Nadia Webb

Nadia Webb

Department Faculty
  • Professor
    School Psychology

  • The Chicago School Chicago
School Psychology
The Chicago School of Professional Psychology
Office Location
Office Phone
On-campus Ext.

Dr. Webb began her career as a family therapist before returning for a doctorate in Clinical Psychology. She completed a joint dissertation under the Applied Psychology and Biopsychology Departments at Rutgers, before transitioning into a practice devoted to care of neurologically impaired children. Dr. Webb also completed the multi-year Master’s degree in Psychopharmacology, working as a prescribing psychologist with neurology and neurosurgery patients and Neuropsychology Postdoctoral program at Children’s Hospital of New Orleans.
Dr. Webb has taught since 1992, focusing on courses in neuropsychology, applied psychopharmacology and clinical neuropsychology. She maintains a strong commitment to fostering innovative, pragmatic, interdisciplinary, and culturally sensitive clinical care for children and their families. She works actively with student on their writing and analytic skills so they can draw the current neuroscience research into academic and clinical practices through direct advocacy, writing and presenting.

  • B.A., Humanities with honors, University of California at Berkeley
  • M.A., New College of California, with a focus on Family Therapy and Psychology of Women
  • M.A. Clinical Psychology, Rutgers University’s Graduate School of Applied and Professional Psychology
  • Psy.D., Clinical Psychology, Rutgers University’s Graduate School of Applied and Professional Psychology
  • M.S., Postdoctoral degree in Psychopharmacology
  • Medical “Prescribing” Psychologist, Louisiana
  • Board Certified by:
    • The American Board of Pediatric Neuropsychology (ABPdN)
    • The American Board of Professional Neuropsychology (ABN)
    • Credentials independently reviewed by CPQ (#4137) and National Register (#50872)
Areas Of Expertise

Select Presentations

  • Webb. N.E. (April, 2012). Pharmacological interventions with pediatric brain injury. 27th Annual Western Michigan Brain Injury Network Symposium. Mary Freebed Hospital, Grand Rapids, MI.
  • Webb, N.E. (September, 2011) Differentiating PTSD from TBI. North American Brain Injury Society. New Orleans, LA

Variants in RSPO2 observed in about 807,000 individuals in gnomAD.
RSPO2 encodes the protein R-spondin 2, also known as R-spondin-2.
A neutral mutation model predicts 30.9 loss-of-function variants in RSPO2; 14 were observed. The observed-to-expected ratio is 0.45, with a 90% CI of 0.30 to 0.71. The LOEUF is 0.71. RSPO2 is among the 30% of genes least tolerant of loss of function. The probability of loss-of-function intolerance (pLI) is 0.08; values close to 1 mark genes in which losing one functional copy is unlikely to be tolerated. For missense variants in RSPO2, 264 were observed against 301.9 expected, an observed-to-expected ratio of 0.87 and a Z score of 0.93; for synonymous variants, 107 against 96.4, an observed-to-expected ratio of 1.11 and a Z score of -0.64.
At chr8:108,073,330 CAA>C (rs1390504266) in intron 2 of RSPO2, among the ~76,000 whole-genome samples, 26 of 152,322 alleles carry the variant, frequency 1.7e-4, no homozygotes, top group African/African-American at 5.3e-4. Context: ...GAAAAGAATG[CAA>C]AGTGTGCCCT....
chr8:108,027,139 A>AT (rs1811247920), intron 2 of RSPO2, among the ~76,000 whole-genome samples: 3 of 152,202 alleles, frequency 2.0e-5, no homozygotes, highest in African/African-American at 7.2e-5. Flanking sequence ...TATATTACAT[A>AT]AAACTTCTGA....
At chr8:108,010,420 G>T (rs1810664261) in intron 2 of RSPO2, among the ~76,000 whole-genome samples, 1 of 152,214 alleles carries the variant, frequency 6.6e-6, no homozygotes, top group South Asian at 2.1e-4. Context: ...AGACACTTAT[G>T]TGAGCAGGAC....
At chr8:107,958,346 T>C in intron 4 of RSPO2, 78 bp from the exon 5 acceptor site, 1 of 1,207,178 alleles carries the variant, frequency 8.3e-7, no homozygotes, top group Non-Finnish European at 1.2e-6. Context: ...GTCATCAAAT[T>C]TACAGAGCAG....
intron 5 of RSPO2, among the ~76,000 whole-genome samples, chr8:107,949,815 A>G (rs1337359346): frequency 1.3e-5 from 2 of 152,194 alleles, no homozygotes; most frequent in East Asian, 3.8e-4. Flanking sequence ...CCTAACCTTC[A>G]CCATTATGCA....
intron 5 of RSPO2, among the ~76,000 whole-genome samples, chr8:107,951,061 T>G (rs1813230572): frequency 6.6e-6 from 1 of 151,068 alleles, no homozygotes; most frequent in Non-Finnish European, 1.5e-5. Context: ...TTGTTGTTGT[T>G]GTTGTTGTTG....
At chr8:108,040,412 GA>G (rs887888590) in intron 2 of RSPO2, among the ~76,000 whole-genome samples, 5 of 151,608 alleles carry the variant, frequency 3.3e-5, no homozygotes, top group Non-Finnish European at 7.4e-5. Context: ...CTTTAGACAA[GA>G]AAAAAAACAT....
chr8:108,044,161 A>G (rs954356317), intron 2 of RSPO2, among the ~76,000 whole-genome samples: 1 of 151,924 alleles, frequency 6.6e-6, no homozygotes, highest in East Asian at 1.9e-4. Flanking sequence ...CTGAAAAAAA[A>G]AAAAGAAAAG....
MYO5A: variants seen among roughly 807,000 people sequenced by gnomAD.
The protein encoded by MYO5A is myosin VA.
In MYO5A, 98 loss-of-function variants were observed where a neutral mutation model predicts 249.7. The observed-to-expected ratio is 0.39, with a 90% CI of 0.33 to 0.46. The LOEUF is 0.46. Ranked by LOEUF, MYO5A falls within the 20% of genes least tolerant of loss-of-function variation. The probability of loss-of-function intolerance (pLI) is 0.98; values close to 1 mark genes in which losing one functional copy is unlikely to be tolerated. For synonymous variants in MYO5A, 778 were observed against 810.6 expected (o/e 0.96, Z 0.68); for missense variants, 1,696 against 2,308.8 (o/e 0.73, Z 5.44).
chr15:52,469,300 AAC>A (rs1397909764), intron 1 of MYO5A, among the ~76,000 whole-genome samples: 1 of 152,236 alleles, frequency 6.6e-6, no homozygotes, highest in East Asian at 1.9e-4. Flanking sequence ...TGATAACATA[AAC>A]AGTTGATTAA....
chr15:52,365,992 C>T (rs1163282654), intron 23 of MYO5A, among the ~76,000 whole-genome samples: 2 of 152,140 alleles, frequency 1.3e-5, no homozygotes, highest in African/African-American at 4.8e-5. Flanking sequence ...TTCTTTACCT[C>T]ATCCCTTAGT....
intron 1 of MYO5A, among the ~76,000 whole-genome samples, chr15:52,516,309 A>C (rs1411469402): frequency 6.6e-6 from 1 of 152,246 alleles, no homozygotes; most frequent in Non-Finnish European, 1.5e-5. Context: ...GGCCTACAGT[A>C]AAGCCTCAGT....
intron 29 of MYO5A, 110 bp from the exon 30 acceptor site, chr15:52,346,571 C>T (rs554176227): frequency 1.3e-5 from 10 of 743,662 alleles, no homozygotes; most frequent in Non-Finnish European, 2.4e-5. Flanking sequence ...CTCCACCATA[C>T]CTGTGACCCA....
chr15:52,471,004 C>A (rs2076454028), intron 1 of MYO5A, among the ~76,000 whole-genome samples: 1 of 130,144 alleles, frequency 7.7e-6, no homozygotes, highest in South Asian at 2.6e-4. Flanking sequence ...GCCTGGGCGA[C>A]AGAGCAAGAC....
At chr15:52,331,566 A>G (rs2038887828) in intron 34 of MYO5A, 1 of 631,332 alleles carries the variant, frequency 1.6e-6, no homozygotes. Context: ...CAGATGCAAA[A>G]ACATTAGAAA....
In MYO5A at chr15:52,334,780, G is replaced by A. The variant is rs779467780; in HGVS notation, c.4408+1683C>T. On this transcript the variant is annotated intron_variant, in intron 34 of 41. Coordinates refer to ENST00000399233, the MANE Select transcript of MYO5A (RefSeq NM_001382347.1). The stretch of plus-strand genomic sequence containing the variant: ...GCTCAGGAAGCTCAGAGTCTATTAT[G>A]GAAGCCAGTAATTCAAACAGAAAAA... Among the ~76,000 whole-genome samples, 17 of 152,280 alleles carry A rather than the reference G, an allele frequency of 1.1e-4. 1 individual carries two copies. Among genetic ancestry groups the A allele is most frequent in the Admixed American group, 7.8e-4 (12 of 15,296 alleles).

• Webb, N.E. (March, 2011). Applications of Neuropsychology to Gifted and Talented Youth. American College of Professional Neuropsychology, Las Vegas, NV.

Select Publications

  • Webb, N.E. (2012) Explaining traumatic brain injury and recovery to parents. Pediatric Review, vol. 26, 1.
  • Webb, N.E. (July 12, 2011). Neurobiology of bliss: Sacred and profane. Scientific American.
  • Webb, N.E. (2011) A neuropsychologist by any other name. Invited review of “principles and practice of lifespan developmental neuropsychology.” Archives of Clinical Neuropsychology, 26 (1): 78-79.
  • Webb, N.E. (2010) cMax, tMax, Receptor spectrum, Tachyphylaxis and Compartmentalization entries. Encyclopedia of Clinical Neuropsychology. Kreutzer, M, Deluca, J., Caplan, B. (Eds.) Springer Publishing.

Community Involvement

  • Executive Director, American Board of Pediatric Neuropsychology. A neuropsychology boarded devoted to assessing and developing competence in pediatric neuropsychology
  • Davidson Institute for Talent Development – Training and consultation regarding children with measured IQ of 150 and up.
  • Louisiana Children’s Trust Fund. Allocation of funds for child abuse prevention in Louisiana (Governor appointed position)

Professional Memberships

  • Louisiana Association of Medical Psychologists
  • American Academy of Pediatric Neuropsychology (AAPdN), Executive Director
  • Fellow, American College of Professional Psychology
  • American Neuropsychiatric Association
  • Illinois Psychological Association, Secretary
  • National Academy of Neuropsychology


Q: What advice would you give a student entering The Chicago School?

A: Patients don't come to you with one of four diagnoses and ask you to guess the right one. I'm try to teach student critical thinking, synthesizing and integrating what they know so they can apply it in novel situations. This is a harder and worthier task than circling the right letter. You are contemplating earning a doctorate. As doctors, people bring you the cases where the obvious has failed. Your empathy, knowledge and analytic skills are critical. There is no test that I can teach to. The test is life. The kids are the quizzes.

Learn. Analyze. Care. The whole point of this process is to take everything you are and have learned, and meld it with your own particular passion. If you have facts and care, then you will always be a good technician -- not the person who can shift paradigms.

The United States is one of two countries that failed to sign the United Nation’s statement supporting the human rights of the child. I hope you will help change the social climate by sharing your expertise with the courts, legislators, schools and clinics – in addition to helping individual children and families. With a doctorate, you are in a position to create smarter, culturally sensitive, and neurodevelopmentally sound policy.